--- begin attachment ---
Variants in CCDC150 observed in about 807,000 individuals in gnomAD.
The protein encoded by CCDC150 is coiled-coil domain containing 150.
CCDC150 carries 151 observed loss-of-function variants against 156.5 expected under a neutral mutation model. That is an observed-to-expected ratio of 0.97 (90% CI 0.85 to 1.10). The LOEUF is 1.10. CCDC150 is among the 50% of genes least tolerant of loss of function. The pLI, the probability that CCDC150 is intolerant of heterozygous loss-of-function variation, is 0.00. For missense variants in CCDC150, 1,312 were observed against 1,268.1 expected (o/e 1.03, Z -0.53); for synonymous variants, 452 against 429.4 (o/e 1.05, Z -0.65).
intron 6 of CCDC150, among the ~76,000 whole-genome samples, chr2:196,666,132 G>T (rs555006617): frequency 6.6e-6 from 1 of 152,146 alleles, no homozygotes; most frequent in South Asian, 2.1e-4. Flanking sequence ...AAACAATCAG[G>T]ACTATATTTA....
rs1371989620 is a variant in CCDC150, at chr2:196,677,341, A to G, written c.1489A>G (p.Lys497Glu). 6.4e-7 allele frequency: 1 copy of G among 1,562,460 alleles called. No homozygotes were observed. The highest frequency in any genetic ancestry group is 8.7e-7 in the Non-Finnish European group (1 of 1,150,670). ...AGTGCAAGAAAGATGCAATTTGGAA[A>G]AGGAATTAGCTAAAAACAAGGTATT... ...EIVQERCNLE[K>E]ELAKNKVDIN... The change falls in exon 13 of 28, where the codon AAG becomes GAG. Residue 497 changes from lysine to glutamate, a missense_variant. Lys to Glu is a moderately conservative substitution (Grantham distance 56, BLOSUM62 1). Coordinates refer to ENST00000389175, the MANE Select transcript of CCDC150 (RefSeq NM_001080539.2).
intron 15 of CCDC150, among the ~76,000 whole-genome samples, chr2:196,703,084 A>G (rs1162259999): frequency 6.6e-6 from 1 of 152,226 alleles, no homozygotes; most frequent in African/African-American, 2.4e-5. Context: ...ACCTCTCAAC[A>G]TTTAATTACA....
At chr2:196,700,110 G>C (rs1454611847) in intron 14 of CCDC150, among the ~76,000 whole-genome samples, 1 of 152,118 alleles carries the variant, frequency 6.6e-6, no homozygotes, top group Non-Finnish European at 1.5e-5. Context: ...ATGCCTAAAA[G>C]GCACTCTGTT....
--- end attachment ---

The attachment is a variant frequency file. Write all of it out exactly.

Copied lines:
Variants in CCDC150 observed in about 807,000 individuals in gnomAD.
The protein encoded by CCDC150 is coiled-coil domain containing 150.
CCDC150 carries 151 observed loss-of-function variants against 156.5 expected under a neutral mutation model. That is an observed-to-expected ratio of 0.97 (90% CI 0.85 to 1.10). The LOEUF is 1.10. CCDC150 is among the 50% of genes least tolerant of loss of function. The pLI, the probability that CCDC150 is intolerant of heterozygous loss-of-function variation, is 0.00. For missense variants in CCDC150, 1,312 were observed against 1,268.1 expected (o/e 1.03, Z -0.53); for synonymous variants, 452 against 429.4 (o/e 1.05, Z -0.65).
intron 6 of CCDC150, among the ~76,000 whole-genome samples, chr2:196,666,132 G>T (rs555006617): frequency 6.6e-6 from 1 of 152,146 alleles, no homozygotes; most frequent in South Asian, 2.1e-4. Flanking sequence ...AAACAATCAG[G>T]ACTATATTTA....
rs1371989620 is a variant in CCDC150, at chr2:196,677,341, A to G, written c.1489A>G (p.Lys497Glu). 6.4e-7 allele frequency: 1 copy of G among 1,562,460 alleles called. No homozygotes were observed. The highest frequency in any genetic ancestry group is 8.7e-7 in the Non-Finnish European group (1 of 1,150,670). ...AGTGCAAGAAAGATGCAATTTGGAA[A>G]AGGAATTAGCTAAAAACAAGGTATT... ...EIVQERCNLE[K>E]ELAKNKVDIN... The change falls in exon 13 of 28, where the codon AAG becomes GAG. Residue 497 changes from lysine to glutamate, a missense_variant. Lys to Glu is a moderately conservative substitution (Grantham distance 56, BLOSUM62 1). Coordinates refer to ENST00000389175, the MANE Select transcript of CCDC150 (RefSeq NM_001080539.2).
intron 15 of CCDC150, among the ~76,000 whole-genome samples, chr2:196,703,084 A>G (rs1162259999): frequency 6.6e-6 from 1 of 152,226 alleles, no homozygotes; most frequent in African/African-American, 2.4e-5. Context: ...ACCTCTCAAC[A>G]TTTAATTACA....
At chr2:196,700,110 G>C (rs1454611847) in intron 14 of CCDC150, among the ~76,000 whole-genome samples, 1 of 152,118 alleles carries the variant, frequency 6.6e-6, no homozygotes, top group Non-Finnish European at 1.5e-5. Context: ...ATGCCTAAAA[G>C]GCACTCTGTT....